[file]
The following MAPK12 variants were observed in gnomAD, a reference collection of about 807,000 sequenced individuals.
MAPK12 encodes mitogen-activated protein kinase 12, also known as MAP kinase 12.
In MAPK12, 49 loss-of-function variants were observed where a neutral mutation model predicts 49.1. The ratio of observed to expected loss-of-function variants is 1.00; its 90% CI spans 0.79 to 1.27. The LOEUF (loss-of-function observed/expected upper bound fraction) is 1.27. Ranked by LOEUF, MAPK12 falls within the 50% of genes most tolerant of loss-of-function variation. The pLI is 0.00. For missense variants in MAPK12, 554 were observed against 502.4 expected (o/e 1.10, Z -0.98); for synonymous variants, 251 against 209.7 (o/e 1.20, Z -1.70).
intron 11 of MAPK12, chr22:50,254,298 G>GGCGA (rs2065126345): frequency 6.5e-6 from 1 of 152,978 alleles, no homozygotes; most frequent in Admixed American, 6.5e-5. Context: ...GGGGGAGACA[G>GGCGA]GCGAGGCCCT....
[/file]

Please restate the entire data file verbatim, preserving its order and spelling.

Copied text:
The following MAPK12 variants were observed in gnomAD, a reference collection of about 807,000 sequenced individuals.
MAPK12 encodes mitogen-activated protein kinase 12, also known as MAP kinase 12.
In MAPK12, 49 loss-of-function variants were observed where a neutral mutation model predicts 49.1. The ratio of observed to expected loss-of-function variants is 1.00; its 90% CI spans 0.79 to 1.27. The LOEUF (loss-of-function observed/expected upper bound fraction) is 1.27. Ranked by LOEUF, MAPK12 falls within the 50% of genes most tolerant of loss-of-function variation. The pLI is 0.00. For missense variants in MAPK12, 554 were observed against 502.4 expected (o/e 1.10, Z -0.98); for synonymous variants, 251 against 209.7 (o/e 1.20, Z -1.70).
intron 11 of MAPK12, chr22:50,254,298 G>GGCGA (rs2065126345): frequency 6.5e-6 from 1 of 152,978 alleles, no homozygotes; most frequent in Admixed American, 6.5e-5. Context: ...GGGGGAGACA[G>GGCGA]GCGAGGCCCT....